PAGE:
The mice gnawed holes in a water supply pipe and the wood around it, causing the water to spray out inside the wall and across the floor.  Turning off the water meant no running water inside the trailer, no showers all weekend and flushing the toilet with jug water from the pump outside.  But we stuck it out and stayed.  We salvaged what we could of our vacation.  We’ll have to take another trip back to salvage our trailer and haul it home.

All it took was one summer for the mice to beat us.  It’s the end of the summer, and the end of our trailer-steading dream.

Another Summer’s End-Part I

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The day after Labor Day’s a little like the day after Christmas–a day to reflect on the season’s excesses.  Another summer that was too hot, too busy, too fleeting.

Today we paused to realize that this year’s sweetest success is also a failure that’s hard to swallow.

The journey began last fall, when I spied an amazing online deal on a brand-new 22-foot travel trailer .   We drove five hours to an RV dealer in Columbus, Georgia, to check it out.   How perfect it would be for our beautiful, cresent-shaped land in the North Carolina mountains!  We bought the ultra-light trailer on the spot, but had to leave it there.  You see, we didn’t have a truck to tow it back.

We took care of that problem quickly, buying a ruby-c0lored Ford F-150 with equipped with a towing package, and headed back to Columbus three weeks later to bring the trailer back.  Luckily, we have good friends who live in the country who let us park our mobile cabin next to their fifth wheel.  When we’d come over to visit them, we’d visit the trailer too…bringing new accessories in preparation for the winding road trek to White Oak.  Our rolling home’s new home!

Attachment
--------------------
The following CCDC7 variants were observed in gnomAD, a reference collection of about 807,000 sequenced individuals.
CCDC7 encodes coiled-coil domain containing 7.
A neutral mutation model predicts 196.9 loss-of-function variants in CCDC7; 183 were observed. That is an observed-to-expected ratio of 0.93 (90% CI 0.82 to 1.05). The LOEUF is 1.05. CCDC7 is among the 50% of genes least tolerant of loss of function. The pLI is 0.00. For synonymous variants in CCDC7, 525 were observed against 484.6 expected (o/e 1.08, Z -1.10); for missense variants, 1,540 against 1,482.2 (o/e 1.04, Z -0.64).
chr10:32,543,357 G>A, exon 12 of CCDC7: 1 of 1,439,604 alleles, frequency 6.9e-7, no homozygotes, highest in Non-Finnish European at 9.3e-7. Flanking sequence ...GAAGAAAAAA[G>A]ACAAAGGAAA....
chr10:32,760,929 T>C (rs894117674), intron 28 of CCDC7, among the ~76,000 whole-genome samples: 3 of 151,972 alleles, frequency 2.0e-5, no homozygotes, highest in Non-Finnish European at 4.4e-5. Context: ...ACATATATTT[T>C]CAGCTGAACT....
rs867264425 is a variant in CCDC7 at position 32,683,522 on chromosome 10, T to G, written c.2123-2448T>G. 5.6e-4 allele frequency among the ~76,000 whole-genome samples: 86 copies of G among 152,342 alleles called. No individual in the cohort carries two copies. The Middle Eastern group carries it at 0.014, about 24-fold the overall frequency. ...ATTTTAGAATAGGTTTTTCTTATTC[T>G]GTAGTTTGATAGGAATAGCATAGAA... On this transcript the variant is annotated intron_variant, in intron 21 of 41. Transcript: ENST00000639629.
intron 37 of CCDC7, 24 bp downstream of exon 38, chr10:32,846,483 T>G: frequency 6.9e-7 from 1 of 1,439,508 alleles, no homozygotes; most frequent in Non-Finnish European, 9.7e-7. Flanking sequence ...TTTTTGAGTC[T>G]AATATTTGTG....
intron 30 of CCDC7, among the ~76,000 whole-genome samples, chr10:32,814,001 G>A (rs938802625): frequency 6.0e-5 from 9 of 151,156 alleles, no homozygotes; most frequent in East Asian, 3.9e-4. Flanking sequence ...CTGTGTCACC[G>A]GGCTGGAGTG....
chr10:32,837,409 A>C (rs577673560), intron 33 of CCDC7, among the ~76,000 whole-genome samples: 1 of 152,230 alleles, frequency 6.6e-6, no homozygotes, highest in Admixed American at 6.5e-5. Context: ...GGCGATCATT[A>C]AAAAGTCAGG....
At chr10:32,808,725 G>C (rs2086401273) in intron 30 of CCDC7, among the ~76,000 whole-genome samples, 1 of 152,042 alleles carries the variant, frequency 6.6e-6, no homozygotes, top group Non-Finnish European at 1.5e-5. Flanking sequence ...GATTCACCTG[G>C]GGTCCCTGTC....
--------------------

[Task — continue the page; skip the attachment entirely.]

In April a huge wildfire burned within a half mile of our friends’ home, but we couldn’t come rescue the trailer.  Fortunately, no damage occurred to our rolling home or theirs.  At the end of the month, we hooked up the trailer and headed to Walterboro, SC–halfway to our place in NC–for a shakedown weekend and side trip to nearby Edisto Beach.  We left the trailer behind at a quiet RV park near I-95 to await our return on Memorial Day weekend.

So we drove from Florida, hitched on the trailer in SC and rolled through the mountains.  Then we conquered the winding gravel White Oak Road and its one-lane bridges and squeezed truck and trailer through our gate.  Once parked, our neighbors welcomed us with delicious fried chicken and biscuits.  That night we drifted off to sleep inside our little trailer, confident that a carefree summer of holiday visits lay ahead.  (see Part II)